At steady-state, the majority of cro1Δ cells (76 ± 9%; mean ± SD) exhibit normal BB orientation. The remaining cells exhibit either individual BBs that are locally disoriented and disconnected from their neighboring BBs in ciliary rows (locally disoriented cells: 20 ± 7%; mean ± SD) or connected BBs that are positioned within twisted BB rows relative to the cell’s anterior–posterior axis (twisted cells: 4 ± 2%; mean ± SD). The elevated force-induced state resulted in a larger proportion of cro1Δ cells with BB disorientation (Fig. 5, A and B; normal BB orientation, 10 ± 8%; BB disorientation, 90 ± 8% [locally disoriented, 66 ± 8%; twisted cells, 34 ± 8%], mean ± SD). This suggests that SF–pcMT interactions alone are insufficient to maintain BB orientation under the elevated force-induced state. Moreover, it reveals that proteins that localize to the SF base possess distinct SF functions, whereby DisAp is required for ensuring proper SF length to achieve SF–pcMT interactions and Cro1p is required for elevated force-induced SF elongation (Fig. 5 D and Fig. S3 L). Based on the distinct functions of DisAp and Cro1p, we hypothesized that the double knockout of DISA-1 and CRO1 will lead to cells that do not assemble SFs. However, we failed to obtain clones of the double knockout strain. This suggests that the loss of function of both proteins is synthetically lethal.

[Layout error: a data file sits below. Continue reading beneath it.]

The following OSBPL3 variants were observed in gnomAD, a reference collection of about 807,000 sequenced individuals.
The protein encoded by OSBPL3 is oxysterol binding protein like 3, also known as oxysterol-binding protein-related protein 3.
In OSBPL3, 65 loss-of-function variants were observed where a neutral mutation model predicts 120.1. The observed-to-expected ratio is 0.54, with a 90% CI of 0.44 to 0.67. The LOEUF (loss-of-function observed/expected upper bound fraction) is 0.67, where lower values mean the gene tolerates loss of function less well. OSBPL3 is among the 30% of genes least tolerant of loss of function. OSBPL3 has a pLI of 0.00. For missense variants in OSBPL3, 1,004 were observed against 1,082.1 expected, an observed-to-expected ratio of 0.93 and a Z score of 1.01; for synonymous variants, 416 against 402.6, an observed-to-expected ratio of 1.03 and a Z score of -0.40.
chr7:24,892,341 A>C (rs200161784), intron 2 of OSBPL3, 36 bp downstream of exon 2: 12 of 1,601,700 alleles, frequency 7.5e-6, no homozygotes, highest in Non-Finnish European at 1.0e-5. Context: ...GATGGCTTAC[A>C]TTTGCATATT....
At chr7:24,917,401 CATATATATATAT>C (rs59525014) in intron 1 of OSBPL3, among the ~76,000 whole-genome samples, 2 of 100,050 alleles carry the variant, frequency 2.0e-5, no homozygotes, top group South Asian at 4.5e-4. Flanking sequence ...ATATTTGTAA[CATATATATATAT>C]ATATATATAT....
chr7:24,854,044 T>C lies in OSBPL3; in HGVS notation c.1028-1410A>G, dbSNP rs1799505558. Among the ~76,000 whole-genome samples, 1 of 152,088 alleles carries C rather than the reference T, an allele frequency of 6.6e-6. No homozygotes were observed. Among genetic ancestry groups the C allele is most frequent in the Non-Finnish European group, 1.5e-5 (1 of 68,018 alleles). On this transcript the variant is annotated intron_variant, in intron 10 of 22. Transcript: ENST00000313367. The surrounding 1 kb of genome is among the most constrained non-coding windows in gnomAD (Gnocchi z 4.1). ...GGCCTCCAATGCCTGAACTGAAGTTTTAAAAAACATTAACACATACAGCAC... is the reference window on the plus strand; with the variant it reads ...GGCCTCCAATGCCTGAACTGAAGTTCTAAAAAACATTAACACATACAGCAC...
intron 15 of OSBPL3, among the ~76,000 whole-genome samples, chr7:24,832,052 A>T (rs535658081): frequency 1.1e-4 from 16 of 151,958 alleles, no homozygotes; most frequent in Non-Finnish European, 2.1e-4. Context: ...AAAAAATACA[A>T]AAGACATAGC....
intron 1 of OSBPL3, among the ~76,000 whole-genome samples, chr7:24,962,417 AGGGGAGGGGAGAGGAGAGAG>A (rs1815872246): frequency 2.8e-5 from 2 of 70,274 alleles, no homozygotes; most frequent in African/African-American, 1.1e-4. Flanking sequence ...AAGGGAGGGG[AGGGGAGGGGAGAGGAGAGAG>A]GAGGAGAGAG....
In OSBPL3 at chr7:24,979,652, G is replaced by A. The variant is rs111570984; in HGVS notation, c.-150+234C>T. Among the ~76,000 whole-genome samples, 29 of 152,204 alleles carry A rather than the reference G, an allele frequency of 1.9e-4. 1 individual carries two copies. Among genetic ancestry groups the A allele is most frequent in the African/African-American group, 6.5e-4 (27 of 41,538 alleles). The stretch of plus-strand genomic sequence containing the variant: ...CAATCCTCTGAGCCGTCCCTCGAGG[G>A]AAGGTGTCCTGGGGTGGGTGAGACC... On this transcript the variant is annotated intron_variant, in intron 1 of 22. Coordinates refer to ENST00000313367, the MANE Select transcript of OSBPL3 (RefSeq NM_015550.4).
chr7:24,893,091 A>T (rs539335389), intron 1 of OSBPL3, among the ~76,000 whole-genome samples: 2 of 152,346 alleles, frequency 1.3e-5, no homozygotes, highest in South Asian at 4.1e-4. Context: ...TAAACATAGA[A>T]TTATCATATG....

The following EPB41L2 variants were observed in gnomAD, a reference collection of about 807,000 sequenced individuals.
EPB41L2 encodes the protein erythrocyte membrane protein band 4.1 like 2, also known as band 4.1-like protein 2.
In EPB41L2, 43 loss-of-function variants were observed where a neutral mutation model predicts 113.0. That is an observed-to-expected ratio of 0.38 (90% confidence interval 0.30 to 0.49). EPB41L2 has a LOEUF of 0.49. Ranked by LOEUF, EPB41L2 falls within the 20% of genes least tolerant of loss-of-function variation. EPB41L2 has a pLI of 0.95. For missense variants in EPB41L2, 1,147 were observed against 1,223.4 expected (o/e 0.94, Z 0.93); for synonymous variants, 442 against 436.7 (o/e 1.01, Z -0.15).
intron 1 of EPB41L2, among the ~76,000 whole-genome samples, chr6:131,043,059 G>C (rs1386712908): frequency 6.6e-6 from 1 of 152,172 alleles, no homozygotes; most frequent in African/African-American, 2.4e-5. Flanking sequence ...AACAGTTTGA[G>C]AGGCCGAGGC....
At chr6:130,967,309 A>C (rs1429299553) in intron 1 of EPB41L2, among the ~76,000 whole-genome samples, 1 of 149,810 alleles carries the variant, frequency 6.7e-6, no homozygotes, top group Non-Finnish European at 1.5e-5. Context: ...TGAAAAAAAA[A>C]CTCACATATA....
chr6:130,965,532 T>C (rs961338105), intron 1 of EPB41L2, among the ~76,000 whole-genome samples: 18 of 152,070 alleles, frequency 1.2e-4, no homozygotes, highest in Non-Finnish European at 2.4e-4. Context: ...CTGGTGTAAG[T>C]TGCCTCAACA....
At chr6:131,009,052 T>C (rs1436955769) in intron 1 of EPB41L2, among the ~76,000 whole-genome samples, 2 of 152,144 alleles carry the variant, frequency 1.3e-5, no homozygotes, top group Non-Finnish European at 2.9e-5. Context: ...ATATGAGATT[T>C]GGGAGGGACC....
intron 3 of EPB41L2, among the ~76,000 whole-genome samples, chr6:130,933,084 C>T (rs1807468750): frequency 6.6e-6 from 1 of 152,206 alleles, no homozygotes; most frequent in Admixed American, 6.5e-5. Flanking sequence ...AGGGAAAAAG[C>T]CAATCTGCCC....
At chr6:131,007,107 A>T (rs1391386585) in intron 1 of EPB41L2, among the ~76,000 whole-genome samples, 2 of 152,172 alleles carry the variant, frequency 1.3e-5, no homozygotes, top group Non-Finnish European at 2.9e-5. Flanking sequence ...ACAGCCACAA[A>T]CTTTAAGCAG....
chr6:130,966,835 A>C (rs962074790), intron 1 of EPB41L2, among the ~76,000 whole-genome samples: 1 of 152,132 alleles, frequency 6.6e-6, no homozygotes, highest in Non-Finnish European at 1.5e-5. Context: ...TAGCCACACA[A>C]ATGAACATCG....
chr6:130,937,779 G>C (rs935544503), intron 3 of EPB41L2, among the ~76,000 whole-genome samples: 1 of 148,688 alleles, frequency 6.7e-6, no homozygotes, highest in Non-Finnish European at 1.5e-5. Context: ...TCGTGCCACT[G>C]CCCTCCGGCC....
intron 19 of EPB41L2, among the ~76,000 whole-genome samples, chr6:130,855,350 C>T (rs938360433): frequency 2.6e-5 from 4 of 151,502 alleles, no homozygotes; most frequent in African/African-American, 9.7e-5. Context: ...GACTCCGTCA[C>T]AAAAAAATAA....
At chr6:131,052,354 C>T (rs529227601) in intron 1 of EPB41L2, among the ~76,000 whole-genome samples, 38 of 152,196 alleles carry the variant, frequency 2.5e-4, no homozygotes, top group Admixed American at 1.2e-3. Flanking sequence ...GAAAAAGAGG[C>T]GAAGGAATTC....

The twisted cells are reminiscent of the twisty and screwy mutants in T. thermophila and P. tetraurelia, respectively (Fig. S3 F; Frankel, 2008; Jerka-Dziadosz et al., 1995; Whittle and Chen-Shan, 1972). Reduction of ciliary forces by shifting cro1Δ cells from 39°C to 25°C for 24 h rescued twisted BB rows back to WT configuration, indicating that twisted BB rows arise from elevated ciliary forces (Fig. S3 G). Because SFs are generally oriented in cro1Δ cells with a few examples of local disorientation, we predicted that locally disoriented BBs possess shorter SFs that cause BBs to disconnect from their anterior neighbor. Indeed, locally disoriented BBs possess shorter SFs than BBs in twisted BB rows, which leads to BB disconnection (Fig. S3, H–J and L). Cells with twisted BB rows, on the other hand, possess SFs that are long enough to establish and maintain BB connections, but they are unable to elongate at the elevated force-induced state (Fig. S3, H–J and L). We postulate that this makes BB rows more susceptible to asymmetric ciliary forces and causes BB rows to deviate from the cell’s anterior–posterior axis (Fig. 5 A and Fig. S3, F and L; Cheung and Jahn, 1976). Collectively, this suggests that Cro1p ensures proper SF lengthening to establish secondary SF–cell cortex interactions during elevated ciliary forces (Fig. 5 D).